Brokerage Closed OTM Bull put spread

Discussion in 'Retail Brokers' started by Bigwheel777, Dec 29, 2019.

  1. Ok - I know this is an old topic, but given the confusion I've seen on past threads, I wanted to revisit it and understand it.. cuz it just happened to me. I'm a new trader, mistakes abound, and I want to learn from the best.

    I had a bull put spread on AMZN 1865 1860 - 200 Contracts last Friday - max profit about $8500. Stock started heading down towards end of day, but never crossed 1865, and closed at 1869. Note that after hours it stayed around 1869.

    Broker closed the OTM spread position around 3:42... which cost me about $9400 - so my net loss was about $900 and I lost the $8500 max profit had the trade been left alone.

    I've read earlier posts about assignment risk and notional values.

    I called the Broker several times and they kept positing the example of "what if" AMZN crossed to 1863. The 1865 shorts would be assigned and I would be long 20,000 shares at 1865 which would create a margin call of $37,300,000. So in that scenario, why couldn't the account simply sell the 20,000 shares I now have for 1863... manifesting loss of $40,000... which my account could easily handle.
  3. PS - I really like and respect posts by Jimmyjazz - I would like to hear from you if you see this - Thanks !!
  4. Sig


    This is standard practice. Bottom line is that by definition the market is closed when those shares are delivered so they can't be sold immediately, and even if they could there's no assurance they all could be sold at the closing price. Which means you're getting $37M worth of shares more than your margin supports. To put it another way, would you expect your broker to honor an order you placed on close for $37M in shares more than you had margin for? Of course not, and this is functionally exactly the same.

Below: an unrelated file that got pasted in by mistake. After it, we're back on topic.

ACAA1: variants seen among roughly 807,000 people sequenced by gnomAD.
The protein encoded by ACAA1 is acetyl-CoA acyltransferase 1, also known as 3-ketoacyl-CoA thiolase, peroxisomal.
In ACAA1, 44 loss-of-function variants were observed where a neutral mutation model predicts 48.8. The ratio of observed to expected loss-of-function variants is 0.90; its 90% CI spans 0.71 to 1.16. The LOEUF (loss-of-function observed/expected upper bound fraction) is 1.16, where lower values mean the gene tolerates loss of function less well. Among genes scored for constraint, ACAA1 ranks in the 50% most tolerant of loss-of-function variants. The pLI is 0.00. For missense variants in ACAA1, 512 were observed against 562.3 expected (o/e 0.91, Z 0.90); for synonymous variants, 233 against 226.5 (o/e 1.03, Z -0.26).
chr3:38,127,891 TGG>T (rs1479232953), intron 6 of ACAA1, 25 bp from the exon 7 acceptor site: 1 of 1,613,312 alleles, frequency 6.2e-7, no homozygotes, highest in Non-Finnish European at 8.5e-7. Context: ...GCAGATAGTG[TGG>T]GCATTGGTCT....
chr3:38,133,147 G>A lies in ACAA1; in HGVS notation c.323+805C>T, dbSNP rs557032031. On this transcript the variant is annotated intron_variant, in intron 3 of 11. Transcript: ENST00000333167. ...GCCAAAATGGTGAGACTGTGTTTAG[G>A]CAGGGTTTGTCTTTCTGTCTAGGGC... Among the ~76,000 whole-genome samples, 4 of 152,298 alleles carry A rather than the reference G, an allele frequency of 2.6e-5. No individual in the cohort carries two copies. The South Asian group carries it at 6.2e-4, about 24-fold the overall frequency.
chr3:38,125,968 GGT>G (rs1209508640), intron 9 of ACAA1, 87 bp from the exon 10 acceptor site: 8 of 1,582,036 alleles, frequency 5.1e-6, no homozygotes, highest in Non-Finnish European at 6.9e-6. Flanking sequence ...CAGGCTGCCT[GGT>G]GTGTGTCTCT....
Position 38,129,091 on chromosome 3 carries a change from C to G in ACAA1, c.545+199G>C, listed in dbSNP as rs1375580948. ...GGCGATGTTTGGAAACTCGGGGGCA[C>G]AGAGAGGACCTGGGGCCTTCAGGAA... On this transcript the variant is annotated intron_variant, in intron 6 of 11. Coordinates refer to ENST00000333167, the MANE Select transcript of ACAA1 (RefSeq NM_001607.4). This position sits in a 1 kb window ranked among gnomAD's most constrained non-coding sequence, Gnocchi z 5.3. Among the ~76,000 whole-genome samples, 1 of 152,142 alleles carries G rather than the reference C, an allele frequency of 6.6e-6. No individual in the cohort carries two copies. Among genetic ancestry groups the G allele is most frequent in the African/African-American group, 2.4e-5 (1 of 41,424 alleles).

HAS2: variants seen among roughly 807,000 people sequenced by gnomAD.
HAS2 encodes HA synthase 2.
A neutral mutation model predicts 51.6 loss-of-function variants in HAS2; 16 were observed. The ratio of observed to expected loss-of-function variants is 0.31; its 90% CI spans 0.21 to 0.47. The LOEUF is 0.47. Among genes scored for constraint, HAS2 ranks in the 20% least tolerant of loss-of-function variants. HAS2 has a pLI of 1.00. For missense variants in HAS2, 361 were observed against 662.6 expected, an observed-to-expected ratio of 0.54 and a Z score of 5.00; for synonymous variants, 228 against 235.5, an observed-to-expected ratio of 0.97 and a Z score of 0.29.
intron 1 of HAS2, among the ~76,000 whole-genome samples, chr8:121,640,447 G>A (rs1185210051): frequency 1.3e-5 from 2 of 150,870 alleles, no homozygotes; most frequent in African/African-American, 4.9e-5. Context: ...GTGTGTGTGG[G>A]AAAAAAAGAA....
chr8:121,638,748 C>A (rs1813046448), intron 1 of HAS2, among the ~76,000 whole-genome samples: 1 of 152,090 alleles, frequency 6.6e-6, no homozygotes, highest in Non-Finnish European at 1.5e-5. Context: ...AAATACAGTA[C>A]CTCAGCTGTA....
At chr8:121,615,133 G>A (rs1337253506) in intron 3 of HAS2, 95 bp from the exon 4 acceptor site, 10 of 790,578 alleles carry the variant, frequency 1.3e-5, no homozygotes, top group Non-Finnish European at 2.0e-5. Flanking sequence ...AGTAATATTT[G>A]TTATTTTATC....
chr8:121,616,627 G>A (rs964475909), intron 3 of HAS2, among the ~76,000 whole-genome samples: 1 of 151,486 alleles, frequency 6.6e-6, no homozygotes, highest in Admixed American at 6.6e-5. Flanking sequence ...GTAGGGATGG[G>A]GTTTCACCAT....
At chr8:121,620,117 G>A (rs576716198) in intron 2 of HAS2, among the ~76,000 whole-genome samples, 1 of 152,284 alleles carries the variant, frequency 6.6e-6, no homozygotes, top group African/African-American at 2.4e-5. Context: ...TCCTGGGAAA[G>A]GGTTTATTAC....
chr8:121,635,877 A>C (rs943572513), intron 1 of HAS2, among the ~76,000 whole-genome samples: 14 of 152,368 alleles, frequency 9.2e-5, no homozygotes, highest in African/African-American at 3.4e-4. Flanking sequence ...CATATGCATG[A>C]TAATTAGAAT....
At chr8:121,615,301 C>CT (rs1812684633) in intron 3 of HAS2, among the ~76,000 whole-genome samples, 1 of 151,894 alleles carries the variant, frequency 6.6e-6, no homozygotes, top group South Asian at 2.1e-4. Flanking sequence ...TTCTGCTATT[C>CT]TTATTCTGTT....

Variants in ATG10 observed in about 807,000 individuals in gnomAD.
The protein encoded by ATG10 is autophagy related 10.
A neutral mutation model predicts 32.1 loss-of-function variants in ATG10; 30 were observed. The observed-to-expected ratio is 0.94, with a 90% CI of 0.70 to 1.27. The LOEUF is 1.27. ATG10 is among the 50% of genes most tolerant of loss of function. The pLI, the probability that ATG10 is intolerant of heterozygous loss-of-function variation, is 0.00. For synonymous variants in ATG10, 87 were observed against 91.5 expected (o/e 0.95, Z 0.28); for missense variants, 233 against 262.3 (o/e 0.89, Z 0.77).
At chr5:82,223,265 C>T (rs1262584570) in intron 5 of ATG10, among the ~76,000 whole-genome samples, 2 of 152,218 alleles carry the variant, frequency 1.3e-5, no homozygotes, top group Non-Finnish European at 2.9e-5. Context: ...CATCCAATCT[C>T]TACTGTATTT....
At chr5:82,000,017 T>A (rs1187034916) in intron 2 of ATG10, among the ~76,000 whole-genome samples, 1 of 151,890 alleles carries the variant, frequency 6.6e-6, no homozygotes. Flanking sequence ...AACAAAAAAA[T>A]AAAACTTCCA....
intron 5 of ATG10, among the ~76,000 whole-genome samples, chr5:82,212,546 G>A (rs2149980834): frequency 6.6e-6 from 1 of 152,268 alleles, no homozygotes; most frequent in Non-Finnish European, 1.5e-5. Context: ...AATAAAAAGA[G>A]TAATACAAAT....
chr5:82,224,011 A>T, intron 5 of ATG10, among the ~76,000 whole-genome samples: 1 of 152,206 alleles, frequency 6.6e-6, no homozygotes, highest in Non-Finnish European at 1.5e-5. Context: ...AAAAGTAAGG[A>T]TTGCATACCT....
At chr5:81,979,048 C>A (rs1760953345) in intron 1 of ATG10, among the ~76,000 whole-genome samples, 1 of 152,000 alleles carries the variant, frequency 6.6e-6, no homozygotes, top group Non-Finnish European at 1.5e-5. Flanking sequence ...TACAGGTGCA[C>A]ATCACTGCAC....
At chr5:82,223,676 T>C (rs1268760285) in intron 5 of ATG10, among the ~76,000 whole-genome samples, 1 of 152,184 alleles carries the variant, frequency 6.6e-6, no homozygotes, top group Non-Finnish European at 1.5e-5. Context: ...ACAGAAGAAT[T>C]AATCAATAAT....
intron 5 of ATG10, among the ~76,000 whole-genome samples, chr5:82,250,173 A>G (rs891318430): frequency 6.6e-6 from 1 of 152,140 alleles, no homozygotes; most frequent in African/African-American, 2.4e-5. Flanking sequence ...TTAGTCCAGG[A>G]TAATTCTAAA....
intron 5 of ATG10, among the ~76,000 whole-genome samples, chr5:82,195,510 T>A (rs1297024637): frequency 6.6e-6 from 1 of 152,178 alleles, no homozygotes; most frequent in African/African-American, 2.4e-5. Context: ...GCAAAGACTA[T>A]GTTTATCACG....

You may want to research the whole concept of pin risk on spread expiration. And if you really need to hold to expiration, take a look at the cash settled index options which don't have this problem.
  5. FSU


    The problem is there is no way to know what you have been assigned on until the following day. So you are short the 1865 puts. What if the stock closes at 1864 but moves up after hours to 1866, or vice versa? The holder of your short puts has until 530pm et to decide whether to exercise or not. The OCC will then notify your broker some time before midnight. So when you finally find out whether and how much you have been assigned, the market is closed and you could potentially have a huge amount of stock Monday morning.
    destriero likes this.
  6. LanceJ


    So the volatility increased on the 1865s and not on the 1860s? Knocking your margin requirements out of line... Why didn't your broker close just enough to get back into compliance with margin? Why close the entire position?
  7. destriero


    C'mon. The BD doesn't give a rat's ass about the vol-mark on the position... shares close between 1860 and 1865 and the guy's account is long (potentially) 20K deltas come Monday morning. They are absolutely within their right to blow it out. Plus, the OP was in communication with his broker so it should not have been a surprise. The broker needs time to work the order. I assume they worked it as a limit order at the posted NBBO.

    You got $18.5MM to cover the assignment? No? Then F off.

    The OP played roulette and wants a do-over.

    Welcome home, Jimmy!
    Wheezooo likes this.
  8. FSU


    This has nothing to do with vol or margin requirements for the spread. It only has to do with a potential assignment of stock that the account can not cover.
    Wheezooo likes this.
  9. zdreg


    Your whole attitude is wrong. You are ill prepared to do this kind of trading because you didn't learn the subject properly in the 1st place, This is not rocket science. You were dependent on luck. I bet you never read the prospectus.
    Wheezooo likes this.
    #10     Dec 29, 2019